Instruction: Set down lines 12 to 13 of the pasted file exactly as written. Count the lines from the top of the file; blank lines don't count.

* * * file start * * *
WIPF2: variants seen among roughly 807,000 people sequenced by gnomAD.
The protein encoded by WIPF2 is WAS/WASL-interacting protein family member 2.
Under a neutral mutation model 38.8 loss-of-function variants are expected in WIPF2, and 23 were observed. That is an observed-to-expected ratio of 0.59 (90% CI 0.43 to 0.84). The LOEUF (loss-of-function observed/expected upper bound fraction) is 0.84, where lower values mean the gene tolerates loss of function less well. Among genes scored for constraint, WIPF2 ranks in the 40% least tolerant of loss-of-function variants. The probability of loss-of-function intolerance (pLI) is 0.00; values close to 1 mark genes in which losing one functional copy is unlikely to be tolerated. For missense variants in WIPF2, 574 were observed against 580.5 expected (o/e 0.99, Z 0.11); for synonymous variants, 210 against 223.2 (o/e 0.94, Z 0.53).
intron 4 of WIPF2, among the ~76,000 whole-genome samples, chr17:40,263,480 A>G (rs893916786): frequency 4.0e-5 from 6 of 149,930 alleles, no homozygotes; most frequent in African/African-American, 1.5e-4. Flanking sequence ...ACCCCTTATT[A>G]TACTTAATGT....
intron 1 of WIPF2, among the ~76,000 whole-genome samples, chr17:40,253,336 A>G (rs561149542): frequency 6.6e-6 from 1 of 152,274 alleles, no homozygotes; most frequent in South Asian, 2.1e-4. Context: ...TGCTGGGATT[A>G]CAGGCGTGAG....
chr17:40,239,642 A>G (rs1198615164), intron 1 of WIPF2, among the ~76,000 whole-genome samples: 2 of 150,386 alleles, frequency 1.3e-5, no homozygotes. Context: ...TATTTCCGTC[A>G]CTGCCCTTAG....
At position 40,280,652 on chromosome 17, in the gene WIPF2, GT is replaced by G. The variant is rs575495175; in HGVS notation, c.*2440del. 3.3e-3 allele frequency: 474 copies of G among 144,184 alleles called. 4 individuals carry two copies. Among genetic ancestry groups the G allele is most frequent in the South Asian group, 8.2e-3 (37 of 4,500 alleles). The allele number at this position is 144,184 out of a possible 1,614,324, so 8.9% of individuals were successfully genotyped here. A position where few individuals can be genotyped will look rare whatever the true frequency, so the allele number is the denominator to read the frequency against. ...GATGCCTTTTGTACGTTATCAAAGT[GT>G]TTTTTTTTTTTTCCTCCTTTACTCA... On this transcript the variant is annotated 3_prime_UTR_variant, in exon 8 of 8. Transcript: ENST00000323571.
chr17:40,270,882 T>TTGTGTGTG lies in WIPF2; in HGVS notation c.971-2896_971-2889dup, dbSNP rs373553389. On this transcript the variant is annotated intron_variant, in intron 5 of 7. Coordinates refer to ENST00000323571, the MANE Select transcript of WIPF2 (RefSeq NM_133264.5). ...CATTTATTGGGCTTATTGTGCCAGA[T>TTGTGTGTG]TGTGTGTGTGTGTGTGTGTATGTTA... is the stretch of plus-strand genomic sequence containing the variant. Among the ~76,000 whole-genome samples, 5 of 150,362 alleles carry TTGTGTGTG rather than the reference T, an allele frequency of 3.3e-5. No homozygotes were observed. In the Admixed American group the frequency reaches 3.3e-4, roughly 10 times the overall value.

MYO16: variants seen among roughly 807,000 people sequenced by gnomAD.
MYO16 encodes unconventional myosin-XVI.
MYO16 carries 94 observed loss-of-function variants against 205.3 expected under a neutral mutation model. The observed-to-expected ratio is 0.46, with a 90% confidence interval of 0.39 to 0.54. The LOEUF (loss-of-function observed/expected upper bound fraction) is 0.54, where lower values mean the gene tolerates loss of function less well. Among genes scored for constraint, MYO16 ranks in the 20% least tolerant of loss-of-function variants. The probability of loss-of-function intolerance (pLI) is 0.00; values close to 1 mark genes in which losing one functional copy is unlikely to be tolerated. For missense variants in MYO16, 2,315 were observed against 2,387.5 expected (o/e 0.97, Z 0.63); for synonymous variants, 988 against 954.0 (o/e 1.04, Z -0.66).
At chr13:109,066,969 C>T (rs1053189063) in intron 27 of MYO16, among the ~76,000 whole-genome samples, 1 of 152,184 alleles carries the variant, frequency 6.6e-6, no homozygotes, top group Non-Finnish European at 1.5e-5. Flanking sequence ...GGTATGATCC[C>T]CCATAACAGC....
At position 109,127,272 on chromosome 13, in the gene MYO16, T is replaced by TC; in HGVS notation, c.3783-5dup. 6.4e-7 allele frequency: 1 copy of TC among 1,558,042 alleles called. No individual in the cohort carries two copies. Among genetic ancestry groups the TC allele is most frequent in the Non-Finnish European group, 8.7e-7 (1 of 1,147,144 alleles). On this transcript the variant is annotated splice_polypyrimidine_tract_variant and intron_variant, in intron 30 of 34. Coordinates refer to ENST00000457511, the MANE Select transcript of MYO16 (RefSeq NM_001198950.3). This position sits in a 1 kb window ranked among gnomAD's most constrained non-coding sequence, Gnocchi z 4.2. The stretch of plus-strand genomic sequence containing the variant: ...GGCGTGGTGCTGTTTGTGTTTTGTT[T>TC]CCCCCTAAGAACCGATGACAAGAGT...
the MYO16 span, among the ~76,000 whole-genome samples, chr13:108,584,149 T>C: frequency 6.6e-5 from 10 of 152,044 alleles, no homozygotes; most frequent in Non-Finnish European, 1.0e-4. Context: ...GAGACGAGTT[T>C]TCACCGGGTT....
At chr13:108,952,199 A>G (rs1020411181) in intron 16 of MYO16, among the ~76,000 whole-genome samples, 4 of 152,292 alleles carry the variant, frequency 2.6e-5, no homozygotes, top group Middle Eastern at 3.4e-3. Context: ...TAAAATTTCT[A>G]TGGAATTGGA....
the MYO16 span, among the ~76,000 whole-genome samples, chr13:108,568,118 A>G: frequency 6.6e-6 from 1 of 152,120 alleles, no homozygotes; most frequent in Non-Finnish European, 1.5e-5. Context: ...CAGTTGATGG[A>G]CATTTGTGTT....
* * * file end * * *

At chr13:109,066,969 C>T (rs1053189063) in intron 27 of MYO16, among the ~76,000 whole-genome samples, 1 of 152,184 alleles carries the variant, frequency 6.6e-6, no homozygotes, top group Non-Finnish European at 1.5e-5. Flanking sequence ...GGTATGATCC[C>T]CCATAACAGC....
At position 109,127,272 on chromosome 13, in the gene MYO16, T is replaced by TC; in HGVS notation, c.3783-5dup. 6.4e-7 allele frequency: 1 copy of TC among 1,558,042 alleles called. No individual in the cohort carries two copies. Among genetic ancestry groups the TC allele is most frequent in the Non-Finnish European group, 8.7e-7 (1 of 1,147,144 alleles). On this transcript the variant is annotated splice_polypyrimidine_tract_variant and intron_variant, in intron 30 of 34. Coordinates refer to ENST00000457511, the MANE Select transcript of MYO16 (RefSeq NM_001198950.3). This position sits in a 1 kb window ranked among gnomAD's most constrained non-coding sequence, Gnocchi z 4.2. The stretch of plus-strand genomic sequence containing the variant: ...GGCGTGGTGCTGTTTGTGTTTTGTT[T>TC]CCCCCTAAGAACCGATGACAAGAGT...